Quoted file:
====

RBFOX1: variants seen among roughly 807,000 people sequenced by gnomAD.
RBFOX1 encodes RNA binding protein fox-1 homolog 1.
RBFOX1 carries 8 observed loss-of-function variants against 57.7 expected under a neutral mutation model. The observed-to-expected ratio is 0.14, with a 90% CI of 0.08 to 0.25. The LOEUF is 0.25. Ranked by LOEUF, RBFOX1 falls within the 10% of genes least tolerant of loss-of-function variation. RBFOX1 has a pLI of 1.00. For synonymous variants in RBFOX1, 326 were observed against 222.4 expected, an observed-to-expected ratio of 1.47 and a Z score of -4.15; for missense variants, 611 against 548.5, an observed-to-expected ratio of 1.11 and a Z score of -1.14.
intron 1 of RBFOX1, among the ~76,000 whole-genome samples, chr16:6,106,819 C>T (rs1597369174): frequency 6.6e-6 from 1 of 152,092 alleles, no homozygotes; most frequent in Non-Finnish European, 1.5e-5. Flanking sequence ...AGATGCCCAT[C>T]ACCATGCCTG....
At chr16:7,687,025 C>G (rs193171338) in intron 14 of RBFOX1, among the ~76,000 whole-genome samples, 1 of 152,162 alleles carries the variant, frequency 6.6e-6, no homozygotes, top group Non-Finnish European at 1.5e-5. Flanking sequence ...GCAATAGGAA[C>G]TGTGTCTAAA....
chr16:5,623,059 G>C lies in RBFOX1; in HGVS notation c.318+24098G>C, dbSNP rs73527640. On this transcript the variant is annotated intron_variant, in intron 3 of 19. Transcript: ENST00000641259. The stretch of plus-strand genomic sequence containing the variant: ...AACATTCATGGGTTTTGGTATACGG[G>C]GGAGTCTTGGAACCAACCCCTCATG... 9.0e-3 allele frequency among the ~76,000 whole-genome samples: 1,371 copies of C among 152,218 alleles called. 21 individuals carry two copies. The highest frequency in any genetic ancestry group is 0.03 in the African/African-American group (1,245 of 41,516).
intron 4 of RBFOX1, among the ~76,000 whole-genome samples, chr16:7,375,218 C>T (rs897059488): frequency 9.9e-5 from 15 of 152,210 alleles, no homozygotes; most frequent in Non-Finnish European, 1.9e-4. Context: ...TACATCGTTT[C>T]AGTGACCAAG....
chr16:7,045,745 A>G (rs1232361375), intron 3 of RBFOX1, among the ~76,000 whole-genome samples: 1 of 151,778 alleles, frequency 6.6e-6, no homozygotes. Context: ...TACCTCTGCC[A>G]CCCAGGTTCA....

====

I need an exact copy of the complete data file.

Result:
RBFOX1: variants seen among roughly 807,000 people sequenced by gnomAD.
RBFOX1 encodes RNA binding protein fox-1 homolog 1.
RBFOX1 carries 8 observed loss-of-function variants against 57.7 expected under a neutral mutation model. The observed-to-expected ratio is 0.14, with a 90% CI of 0.08 to 0.25. The LOEUF is 0.25. Ranked by LOEUF, RBFOX1 falls within the 10% of genes least tolerant of loss-of-function variation. RBFOX1 has a pLI of 1.00. For synonymous variants in RBFOX1, 326 were observed against 222.4 expected, an observed-to-expected ratio of 1.47 and a Z score of -4.15; for missense variants, 611 against 548.5, an observed-to-expected ratio of 1.11 and a Z score of -1.14.
intron 1 of RBFOX1, among the ~76,000 whole-genome samples, chr16:6,106,819 C>T (rs1597369174): frequency 6.6e-6 from 1 of 152,092 alleles, no homozygotes; most frequent in Non-Finnish European, 1.5e-5. Flanking sequence ...AGATGCCCAT[C>T]ACCATGCCTG....
At chr16:7,687,025 C>G (rs193171338) in intron 14 of RBFOX1, among the ~76,000 whole-genome samples, 1 of 152,162 alleles carries the variant, frequency 6.6e-6, no homozygotes, top group Non-Finnish European at 1.5e-5. Flanking sequence ...GCAATAGGAA[C>G]TGTGTCTAAA....
chr16:5,623,059 G>C lies in RBFOX1; in HGVS notation c.318+24098G>C, dbSNP rs73527640. On this transcript the variant is annotated intron_variant, in intron 3 of 19. Transcript: ENST00000641259. The stretch of plus-strand genomic sequence containing the variant: ...AACATTCATGGGTTTTGGTATACGG[G>C]GGAGTCTTGGAACCAACCCCTCATG... 9.0e-3 allele frequency among the ~76,000 whole-genome samples: 1,371 copies of C among 152,218 alleles called. 21 individuals carry two copies. The highest frequency in any genetic ancestry group is 0.03 in the African/African-American group (1,245 of 41,516).
intron 4 of RBFOX1, among the ~76,000 whole-genome samples, chr16:7,375,218 C>T (rs897059488): frequency 9.9e-5 from 15 of 152,210 alleles, no homozygotes; most frequent in Non-Finnish European, 1.9e-4. Context: ...TACATCGTTT[C>T]AGTGACCAAG....
chr16:7,045,745 A>G (rs1232361375), intron 3 of RBFOX1, among the ~76,000 whole-genome samples: 1 of 151,778 alleles, frequency 6.6e-6, no homozygotes. Context: ...TACCTCTGCC[A>G]CCCAGGTTCA....